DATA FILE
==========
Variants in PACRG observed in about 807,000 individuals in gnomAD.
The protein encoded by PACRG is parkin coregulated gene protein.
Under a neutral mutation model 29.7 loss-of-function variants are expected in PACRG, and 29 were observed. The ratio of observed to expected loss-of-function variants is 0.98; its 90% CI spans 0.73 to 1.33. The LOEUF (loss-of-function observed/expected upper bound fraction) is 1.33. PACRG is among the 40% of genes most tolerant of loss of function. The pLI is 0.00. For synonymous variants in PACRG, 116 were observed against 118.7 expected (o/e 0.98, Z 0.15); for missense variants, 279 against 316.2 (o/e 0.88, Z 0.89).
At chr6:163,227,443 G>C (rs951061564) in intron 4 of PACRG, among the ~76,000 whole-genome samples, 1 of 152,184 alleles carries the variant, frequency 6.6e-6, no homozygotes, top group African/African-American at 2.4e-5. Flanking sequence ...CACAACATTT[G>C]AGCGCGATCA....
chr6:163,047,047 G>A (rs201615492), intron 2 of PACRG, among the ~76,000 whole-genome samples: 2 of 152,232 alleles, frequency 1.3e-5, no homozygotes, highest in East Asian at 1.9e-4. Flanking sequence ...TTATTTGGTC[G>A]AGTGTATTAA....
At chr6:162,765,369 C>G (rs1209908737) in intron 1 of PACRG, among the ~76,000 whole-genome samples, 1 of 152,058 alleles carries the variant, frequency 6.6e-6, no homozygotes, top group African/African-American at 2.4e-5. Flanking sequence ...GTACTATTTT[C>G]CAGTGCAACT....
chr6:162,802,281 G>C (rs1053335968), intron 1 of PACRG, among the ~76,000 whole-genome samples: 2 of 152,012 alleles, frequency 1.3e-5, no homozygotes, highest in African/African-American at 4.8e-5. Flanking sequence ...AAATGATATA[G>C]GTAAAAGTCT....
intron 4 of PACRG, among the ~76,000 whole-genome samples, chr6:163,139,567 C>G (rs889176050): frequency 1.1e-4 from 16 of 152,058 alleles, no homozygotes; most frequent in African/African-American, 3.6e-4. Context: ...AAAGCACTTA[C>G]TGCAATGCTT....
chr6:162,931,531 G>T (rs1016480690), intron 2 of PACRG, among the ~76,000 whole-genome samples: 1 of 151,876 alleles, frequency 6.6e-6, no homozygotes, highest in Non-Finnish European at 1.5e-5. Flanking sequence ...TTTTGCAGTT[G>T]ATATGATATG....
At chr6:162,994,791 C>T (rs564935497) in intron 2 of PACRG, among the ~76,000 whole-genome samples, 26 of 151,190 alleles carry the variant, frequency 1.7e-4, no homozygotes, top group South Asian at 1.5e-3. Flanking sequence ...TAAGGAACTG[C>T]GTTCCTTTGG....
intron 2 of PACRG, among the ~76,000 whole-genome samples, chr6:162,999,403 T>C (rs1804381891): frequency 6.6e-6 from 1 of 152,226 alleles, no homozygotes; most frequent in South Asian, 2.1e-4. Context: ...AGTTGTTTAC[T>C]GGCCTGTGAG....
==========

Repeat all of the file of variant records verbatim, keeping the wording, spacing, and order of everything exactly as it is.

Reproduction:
Variants in PACRG observed in about 807,000 individuals in gnomAD.
The protein encoded by PACRG is parkin coregulated gene protein.
Under a neutral mutation model 29.7 loss-of-function variants are expected in PACRG, and 29 were observed. The ratio of observed to expected loss-of-function variants is 0.98; its 90% CI spans 0.73 to 1.33. The LOEUF (loss-of-function observed/expected upper bound fraction) is 1.33. PACRG is among the 40% of genes most tolerant of loss of function. The pLI is 0.00. For synonymous variants in PACRG, 116 were observed against 118.7 expected (o/e 0.98, Z 0.15); for missense variants, 279 against 316.2 (o/e 0.88, Z 0.89).
At chr6:163,227,443 G>C (rs951061564) in intron 4 of PACRG, among the ~76,000 whole-genome samples, 1 of 152,184 alleles carries the variant, frequency 6.6e-6, no homozygotes, top group African/African-American at 2.4e-5. Flanking sequence ...CACAACATTT[G>C]AGCGCGATCA....
chr6:163,047,047 G>A (rs201615492), intron 2 of PACRG, among the ~76,000 whole-genome samples: 2 of 152,232 alleles, frequency 1.3e-5, no homozygotes, highest in East Asian at 1.9e-4. Flanking sequence ...TTATTTGGTC[G>A]AGTGTATTAA....
At chr6:162,765,369 C>G (rs1209908737) in intron 1 of PACRG, among the ~76,000 whole-genome samples, 1 of 152,058 alleles carries the variant, frequency 6.6e-6, no homozygotes, top group African/African-American at 2.4e-5. Flanking sequence ...GTACTATTTT[C>G]CAGTGCAACT....
chr6:162,802,281 G>C (rs1053335968), intron 1 of PACRG, among the ~76,000 whole-genome samples: 2 of 152,012 alleles, frequency 1.3e-5, no homozygotes, highest in African/African-American at 4.8e-5. Flanking sequence ...AAATGATATA[G>C]GTAAAAGTCT....
intron 4 of PACRG, among the ~76,000 whole-genome samples, chr6:163,139,567 C>G (rs889176050): frequency 1.1e-4 from 16 of 152,058 alleles, no homozygotes; most frequent in African/African-American, 3.6e-4. Context: ...AAAGCACTTA[C>G]TGCAATGCTT....
chr6:162,931,531 G>T (rs1016480690), intron 2 of PACRG, among the ~76,000 whole-genome samples: 1 of 151,876 alleles, frequency 6.6e-6, no homozygotes, highest in Non-Finnish European at 1.5e-5. Flanking sequence ...TTTTGCAGTT[G>T]ATATGATATG....
At chr6:162,994,791 C>T (rs564935497) in intron 2 of PACRG, among the ~76,000 whole-genome samples, 26 of 151,190 alleles carry the variant, frequency 1.7e-4, no homozygotes, top group South Asian at 1.5e-3. Flanking sequence ...TAAGGAACTG[C>T]GTTCCTTTGG....
intron 2 of PACRG, among the ~76,000 whole-genome samples, chr6:162,999,403 T>C (rs1804381891): frequency 6.6e-6 from 1 of 152,226 alleles, no homozygotes; most frequent in South Asian, 2.1e-4. Context: ...AGTTGTTTAC[T>C]GGCCTGTGAG....